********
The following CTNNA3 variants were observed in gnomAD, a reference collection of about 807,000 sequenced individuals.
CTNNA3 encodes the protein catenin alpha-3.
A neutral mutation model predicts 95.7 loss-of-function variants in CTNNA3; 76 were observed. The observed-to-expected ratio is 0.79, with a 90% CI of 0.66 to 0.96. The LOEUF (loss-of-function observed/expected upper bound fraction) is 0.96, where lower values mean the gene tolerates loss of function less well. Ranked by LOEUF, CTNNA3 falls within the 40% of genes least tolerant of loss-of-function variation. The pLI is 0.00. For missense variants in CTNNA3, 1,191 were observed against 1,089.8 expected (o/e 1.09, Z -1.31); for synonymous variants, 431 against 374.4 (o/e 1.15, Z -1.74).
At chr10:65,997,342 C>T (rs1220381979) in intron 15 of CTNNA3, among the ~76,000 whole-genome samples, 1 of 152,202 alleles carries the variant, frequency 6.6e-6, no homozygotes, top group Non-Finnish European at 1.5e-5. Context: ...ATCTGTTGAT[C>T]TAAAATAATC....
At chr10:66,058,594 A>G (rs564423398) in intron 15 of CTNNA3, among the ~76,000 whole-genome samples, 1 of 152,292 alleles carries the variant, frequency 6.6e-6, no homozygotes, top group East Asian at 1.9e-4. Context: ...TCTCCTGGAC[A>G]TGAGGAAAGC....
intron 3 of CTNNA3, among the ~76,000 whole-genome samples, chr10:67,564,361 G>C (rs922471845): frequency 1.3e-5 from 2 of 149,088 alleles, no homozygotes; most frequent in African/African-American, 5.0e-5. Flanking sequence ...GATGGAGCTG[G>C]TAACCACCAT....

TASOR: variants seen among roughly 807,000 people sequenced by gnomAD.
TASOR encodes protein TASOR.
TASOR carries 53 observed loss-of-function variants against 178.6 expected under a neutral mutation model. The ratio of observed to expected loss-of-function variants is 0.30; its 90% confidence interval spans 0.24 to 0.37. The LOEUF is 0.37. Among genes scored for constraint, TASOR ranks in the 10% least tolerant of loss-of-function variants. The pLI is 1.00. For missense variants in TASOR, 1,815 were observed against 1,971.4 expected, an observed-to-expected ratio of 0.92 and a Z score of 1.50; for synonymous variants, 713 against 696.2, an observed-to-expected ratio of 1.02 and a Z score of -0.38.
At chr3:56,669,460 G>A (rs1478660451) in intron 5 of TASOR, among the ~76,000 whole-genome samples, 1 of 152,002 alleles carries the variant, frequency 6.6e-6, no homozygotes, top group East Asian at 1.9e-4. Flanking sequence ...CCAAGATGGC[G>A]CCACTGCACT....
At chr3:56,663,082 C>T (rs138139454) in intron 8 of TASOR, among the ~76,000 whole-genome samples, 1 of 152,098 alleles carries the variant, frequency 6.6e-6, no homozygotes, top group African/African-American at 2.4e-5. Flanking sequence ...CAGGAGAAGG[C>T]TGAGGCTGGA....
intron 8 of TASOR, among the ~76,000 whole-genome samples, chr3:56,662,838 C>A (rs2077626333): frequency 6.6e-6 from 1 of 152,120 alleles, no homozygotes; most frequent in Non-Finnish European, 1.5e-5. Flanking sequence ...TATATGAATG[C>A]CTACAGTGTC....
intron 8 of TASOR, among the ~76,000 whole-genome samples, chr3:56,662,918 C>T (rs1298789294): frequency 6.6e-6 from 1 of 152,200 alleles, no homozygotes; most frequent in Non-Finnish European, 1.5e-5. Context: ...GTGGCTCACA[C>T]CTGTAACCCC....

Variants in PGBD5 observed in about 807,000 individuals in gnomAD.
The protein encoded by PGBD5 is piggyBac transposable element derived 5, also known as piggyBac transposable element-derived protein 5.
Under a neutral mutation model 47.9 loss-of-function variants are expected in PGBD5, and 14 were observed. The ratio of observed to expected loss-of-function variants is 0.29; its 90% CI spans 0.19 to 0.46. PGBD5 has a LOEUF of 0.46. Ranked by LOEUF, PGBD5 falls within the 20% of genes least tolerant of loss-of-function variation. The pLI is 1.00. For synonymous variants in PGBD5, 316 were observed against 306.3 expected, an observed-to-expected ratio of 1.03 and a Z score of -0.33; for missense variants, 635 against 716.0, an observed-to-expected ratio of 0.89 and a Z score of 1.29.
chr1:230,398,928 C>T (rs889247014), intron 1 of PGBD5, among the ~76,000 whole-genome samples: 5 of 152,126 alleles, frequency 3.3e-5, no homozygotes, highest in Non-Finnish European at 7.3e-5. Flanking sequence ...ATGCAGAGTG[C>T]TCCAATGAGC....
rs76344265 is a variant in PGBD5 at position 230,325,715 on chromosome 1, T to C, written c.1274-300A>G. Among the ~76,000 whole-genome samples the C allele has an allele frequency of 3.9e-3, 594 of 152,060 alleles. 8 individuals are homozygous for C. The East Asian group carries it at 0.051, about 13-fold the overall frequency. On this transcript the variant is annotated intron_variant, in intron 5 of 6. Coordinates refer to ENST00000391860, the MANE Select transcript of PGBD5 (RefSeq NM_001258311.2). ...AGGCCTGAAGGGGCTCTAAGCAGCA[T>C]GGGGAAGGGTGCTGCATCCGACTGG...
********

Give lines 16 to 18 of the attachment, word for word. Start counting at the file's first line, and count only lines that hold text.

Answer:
Under a neutral mutation model 47.9 loss-of-function variants are expected in PGBD5, and 14 were observed. The ratio of observed to expected loss-of-function variants is 0.29; its 90% CI spans 0.19 to 0.46. PGBD5 has a LOEUF of 0.46. Ranked by LOEUF, PGBD5 falls within the 20% of genes least tolerant of loss-of-function variation. The pLI is 1.00. For synonymous variants in PGBD5, 316 were observed against 306.3 expected, an observed-to-expected ratio of 1.03 and a Z score of -0.33; for missense variants, 635 against 716.0, an observed-to-expected ratio of 0.89 and a Z score of 1.29.
chr1:230,398,928 C>T (rs889247014), intron 1 of PGBD5, among the ~76,000 whole-genome samples: 5 of 152,126 alleles, frequency 3.3e-5, no homozygotes, highest in Non-Finnish European at 7.3e-5. Flanking sequence ...ATGCAGAGTG[C>T]TCCAATGAGC....
rs76344265 is a variant in PGBD5 at position 230,325,715 on chromosome 1, T to C, written c.1274-300A>G. Among the ~76,000 whole-genome samples the C allele has an allele frequency of 3.9e-3, 594 of 152,060 alleles. 8 individuals are homozygous for C. The East Asian group carries it at 0.051, about 13-fold the overall frequency. On this transcript the variant is annotated intron_variant, in intron 5 of 6. Coordinates refer to ENST00000391860, the MANE Select transcript of PGBD5 (RefSeq NM_001258311.2). ...AGGCCTGAAGGGGCTCTAAGCAGCA[T>C]GGGGAAGGGTGCTGCATCCGACTGG...